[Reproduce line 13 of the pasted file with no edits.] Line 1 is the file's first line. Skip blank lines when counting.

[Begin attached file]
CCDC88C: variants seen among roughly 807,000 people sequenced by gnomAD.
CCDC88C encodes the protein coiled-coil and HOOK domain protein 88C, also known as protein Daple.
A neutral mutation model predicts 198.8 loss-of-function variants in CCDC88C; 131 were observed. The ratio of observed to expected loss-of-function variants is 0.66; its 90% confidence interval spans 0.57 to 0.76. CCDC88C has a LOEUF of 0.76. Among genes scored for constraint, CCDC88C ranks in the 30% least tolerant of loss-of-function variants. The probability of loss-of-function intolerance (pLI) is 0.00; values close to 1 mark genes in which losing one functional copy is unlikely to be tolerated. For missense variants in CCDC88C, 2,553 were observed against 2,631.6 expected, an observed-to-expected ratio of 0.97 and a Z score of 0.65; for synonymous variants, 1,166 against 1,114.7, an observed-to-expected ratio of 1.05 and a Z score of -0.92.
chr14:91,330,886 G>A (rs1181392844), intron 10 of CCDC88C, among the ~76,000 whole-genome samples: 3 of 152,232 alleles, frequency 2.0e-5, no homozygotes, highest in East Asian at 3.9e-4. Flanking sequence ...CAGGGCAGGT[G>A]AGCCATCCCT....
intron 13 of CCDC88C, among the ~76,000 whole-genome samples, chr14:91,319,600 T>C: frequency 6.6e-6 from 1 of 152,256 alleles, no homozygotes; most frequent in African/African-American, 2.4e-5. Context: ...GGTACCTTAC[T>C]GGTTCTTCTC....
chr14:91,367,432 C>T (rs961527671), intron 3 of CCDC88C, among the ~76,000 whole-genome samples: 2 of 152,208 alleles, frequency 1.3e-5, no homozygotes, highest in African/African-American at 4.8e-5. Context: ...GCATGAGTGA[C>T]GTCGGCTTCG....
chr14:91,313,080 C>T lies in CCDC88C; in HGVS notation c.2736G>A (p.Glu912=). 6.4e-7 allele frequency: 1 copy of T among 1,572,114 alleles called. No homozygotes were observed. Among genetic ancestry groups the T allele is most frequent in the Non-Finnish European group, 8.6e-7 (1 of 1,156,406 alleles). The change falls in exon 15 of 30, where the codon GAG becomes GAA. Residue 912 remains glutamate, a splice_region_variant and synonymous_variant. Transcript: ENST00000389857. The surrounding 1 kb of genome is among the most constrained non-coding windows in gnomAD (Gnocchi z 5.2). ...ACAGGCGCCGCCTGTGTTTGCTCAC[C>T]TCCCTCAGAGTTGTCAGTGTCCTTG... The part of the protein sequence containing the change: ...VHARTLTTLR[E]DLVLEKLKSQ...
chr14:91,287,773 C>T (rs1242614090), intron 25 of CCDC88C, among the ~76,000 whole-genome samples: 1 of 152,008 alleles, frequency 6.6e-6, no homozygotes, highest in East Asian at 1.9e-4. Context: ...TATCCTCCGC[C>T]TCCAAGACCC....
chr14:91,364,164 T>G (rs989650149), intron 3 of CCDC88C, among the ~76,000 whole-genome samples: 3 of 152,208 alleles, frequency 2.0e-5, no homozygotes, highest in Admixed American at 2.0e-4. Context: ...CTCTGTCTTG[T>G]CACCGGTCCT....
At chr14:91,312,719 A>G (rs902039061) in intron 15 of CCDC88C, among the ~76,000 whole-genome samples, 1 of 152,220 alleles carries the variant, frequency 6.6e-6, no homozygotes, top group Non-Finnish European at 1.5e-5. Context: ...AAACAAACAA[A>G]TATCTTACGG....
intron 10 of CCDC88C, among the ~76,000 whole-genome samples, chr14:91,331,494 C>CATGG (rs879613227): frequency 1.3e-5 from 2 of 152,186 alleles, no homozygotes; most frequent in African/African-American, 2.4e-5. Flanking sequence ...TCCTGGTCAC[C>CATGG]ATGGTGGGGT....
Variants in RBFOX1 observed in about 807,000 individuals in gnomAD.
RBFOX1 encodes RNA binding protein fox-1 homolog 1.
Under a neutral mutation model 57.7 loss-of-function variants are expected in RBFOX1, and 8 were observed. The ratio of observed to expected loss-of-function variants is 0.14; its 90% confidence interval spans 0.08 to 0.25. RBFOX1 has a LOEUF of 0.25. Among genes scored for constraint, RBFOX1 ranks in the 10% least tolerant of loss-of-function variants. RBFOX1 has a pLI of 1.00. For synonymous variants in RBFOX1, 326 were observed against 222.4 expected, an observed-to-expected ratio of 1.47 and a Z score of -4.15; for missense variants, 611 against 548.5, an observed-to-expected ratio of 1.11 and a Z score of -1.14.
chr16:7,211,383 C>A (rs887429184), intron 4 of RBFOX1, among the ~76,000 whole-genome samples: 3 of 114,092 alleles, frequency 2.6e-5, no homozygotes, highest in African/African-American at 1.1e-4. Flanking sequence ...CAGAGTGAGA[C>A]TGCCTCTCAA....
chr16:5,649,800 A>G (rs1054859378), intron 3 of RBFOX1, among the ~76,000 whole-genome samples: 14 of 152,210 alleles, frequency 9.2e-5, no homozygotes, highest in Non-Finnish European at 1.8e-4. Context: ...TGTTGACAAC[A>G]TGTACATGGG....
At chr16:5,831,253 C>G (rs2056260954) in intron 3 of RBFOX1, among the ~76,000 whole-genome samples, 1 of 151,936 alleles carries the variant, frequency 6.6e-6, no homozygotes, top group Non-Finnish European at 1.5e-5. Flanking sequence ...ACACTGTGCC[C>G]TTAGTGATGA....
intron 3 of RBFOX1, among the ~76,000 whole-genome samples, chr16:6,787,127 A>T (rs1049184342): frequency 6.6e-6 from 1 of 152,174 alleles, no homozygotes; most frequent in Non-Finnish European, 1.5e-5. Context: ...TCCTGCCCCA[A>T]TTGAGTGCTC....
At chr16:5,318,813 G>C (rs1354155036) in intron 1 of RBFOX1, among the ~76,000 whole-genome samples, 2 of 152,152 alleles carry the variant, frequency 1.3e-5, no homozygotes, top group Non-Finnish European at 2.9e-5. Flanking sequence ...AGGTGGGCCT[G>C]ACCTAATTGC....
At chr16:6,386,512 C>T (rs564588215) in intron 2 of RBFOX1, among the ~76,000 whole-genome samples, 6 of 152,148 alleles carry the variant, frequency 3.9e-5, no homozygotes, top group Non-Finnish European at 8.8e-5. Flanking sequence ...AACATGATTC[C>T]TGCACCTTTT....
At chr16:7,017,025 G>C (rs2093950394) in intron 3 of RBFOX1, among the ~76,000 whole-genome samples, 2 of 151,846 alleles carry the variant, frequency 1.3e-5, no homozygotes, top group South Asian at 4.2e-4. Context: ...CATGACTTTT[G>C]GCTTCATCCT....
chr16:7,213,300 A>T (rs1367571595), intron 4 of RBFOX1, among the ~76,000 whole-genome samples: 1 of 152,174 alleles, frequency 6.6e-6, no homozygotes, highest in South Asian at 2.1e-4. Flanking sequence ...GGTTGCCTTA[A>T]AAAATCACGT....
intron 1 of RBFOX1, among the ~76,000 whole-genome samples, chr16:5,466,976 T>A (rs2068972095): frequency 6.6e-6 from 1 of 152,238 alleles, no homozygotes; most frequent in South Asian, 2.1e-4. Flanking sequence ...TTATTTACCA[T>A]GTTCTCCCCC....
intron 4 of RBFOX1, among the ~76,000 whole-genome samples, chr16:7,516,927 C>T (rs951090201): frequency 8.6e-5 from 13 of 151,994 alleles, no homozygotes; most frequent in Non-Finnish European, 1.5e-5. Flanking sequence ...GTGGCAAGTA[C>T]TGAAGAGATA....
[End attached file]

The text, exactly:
RBFOX1 encodes RNA binding protein fox-1 homolog 1.